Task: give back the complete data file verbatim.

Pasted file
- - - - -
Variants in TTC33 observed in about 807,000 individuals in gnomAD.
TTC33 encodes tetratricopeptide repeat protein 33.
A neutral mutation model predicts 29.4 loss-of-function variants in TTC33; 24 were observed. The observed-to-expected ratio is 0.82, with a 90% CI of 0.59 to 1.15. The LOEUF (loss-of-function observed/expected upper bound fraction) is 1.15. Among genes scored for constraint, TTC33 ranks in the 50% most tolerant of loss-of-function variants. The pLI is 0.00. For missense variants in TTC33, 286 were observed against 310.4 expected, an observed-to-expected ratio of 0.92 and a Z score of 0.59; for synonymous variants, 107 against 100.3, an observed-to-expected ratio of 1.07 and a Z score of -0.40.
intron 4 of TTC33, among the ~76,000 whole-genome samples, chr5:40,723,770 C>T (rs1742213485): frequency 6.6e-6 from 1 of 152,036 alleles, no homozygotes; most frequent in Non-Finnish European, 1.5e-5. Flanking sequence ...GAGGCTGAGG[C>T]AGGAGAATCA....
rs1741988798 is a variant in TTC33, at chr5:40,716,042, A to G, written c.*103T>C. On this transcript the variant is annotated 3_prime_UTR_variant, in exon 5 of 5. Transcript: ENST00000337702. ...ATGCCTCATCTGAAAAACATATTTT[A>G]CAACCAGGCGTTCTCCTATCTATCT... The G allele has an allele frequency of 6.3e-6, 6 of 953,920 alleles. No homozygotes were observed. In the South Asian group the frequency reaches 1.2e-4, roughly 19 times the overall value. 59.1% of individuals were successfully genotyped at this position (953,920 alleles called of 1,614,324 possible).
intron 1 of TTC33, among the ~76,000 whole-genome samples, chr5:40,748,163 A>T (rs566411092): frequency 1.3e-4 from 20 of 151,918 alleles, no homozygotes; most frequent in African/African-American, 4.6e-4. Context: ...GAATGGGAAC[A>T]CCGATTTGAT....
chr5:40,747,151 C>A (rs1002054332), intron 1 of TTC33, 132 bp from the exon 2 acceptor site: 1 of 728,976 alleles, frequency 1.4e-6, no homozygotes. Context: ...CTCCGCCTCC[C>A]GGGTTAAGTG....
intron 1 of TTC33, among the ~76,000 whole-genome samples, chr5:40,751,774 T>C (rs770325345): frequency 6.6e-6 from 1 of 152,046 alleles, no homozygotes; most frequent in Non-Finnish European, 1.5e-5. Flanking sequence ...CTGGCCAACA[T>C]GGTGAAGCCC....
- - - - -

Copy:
Variants in TTC33 observed in about 807,000 individuals in gnomAD.
TTC33 encodes tetratricopeptide repeat protein 33.
A neutral mutation model predicts 29.4 loss-of-function variants in TTC33; 24 were observed. The observed-to-expected ratio is 0.82, with a 90% CI of 0.59 to 1.15. The LOEUF (loss-of-function observed/expected upper bound fraction) is 1.15. Among genes scored for constraint, TTC33 ranks in the 50% most tolerant of loss-of-function variants. The pLI is 0.00. For missense variants in TTC33, 286 were observed against 310.4 expected, an observed-to-expected ratio of 0.92 and a Z score of 0.59; for synonymous variants, 107 against 100.3, an observed-to-expected ratio of 1.07 and a Z score of -0.40.
intron 4 of TTC33, among the ~76,000 whole-genome samples, chr5:40,723,770 C>T (rs1742213485): frequency 6.6e-6 from 1 of 152,036 alleles, no homozygotes; most frequent in Non-Finnish European, 1.5e-5. Flanking sequence ...GAGGCTGAGG[C>T]AGGAGAATCA....
rs1741988798 is a variant in TTC33, at chr5:40,716,042, A to G, written c.*103T>C. On this transcript the variant is annotated 3_prime_UTR_variant, in exon 5 of 5. Transcript: ENST00000337702. ...ATGCCTCATCTGAAAAACATATTTT[A>G]CAACCAGGCGTTCTCCTATCTATCT... The G allele has an allele frequency of 6.3e-6, 6 of 953,920 alleles. No homozygotes were observed. In the South Asian group the frequency reaches 1.2e-4, roughly 19 times the overall value. 59.1% of individuals were successfully genotyped at this position (953,920 alleles called of 1,614,324 possible).
intron 1 of TTC33, among the ~76,000 whole-genome samples, chr5:40,748,163 A>T (rs566411092): frequency 1.3e-4 from 20 of 151,918 alleles, no homozygotes; most frequent in African/African-American, 4.6e-4. Context: ...GAATGGGAAC[A>T]CCGATTTGAT....
chr5:40,747,151 C>A (rs1002054332), intron 1 of TTC33, 132 bp from the exon 2 acceptor site: 1 of 728,976 alleles, frequency 1.4e-6, no homozygotes. Context: ...CTCCGCCTCC[C>A]GGGTTAAGTG....
intron 1 of TTC33, among the ~76,000 whole-genome samples, chr5:40,751,774 T>C (rs770325345): frequency 6.6e-6 from 1 of 152,046 alleles, no homozygotes; most frequent in Non-Finnish European, 1.5e-5. Flanking sequence ...CTGGCCAACA[T>C]GGTGAAGCCC....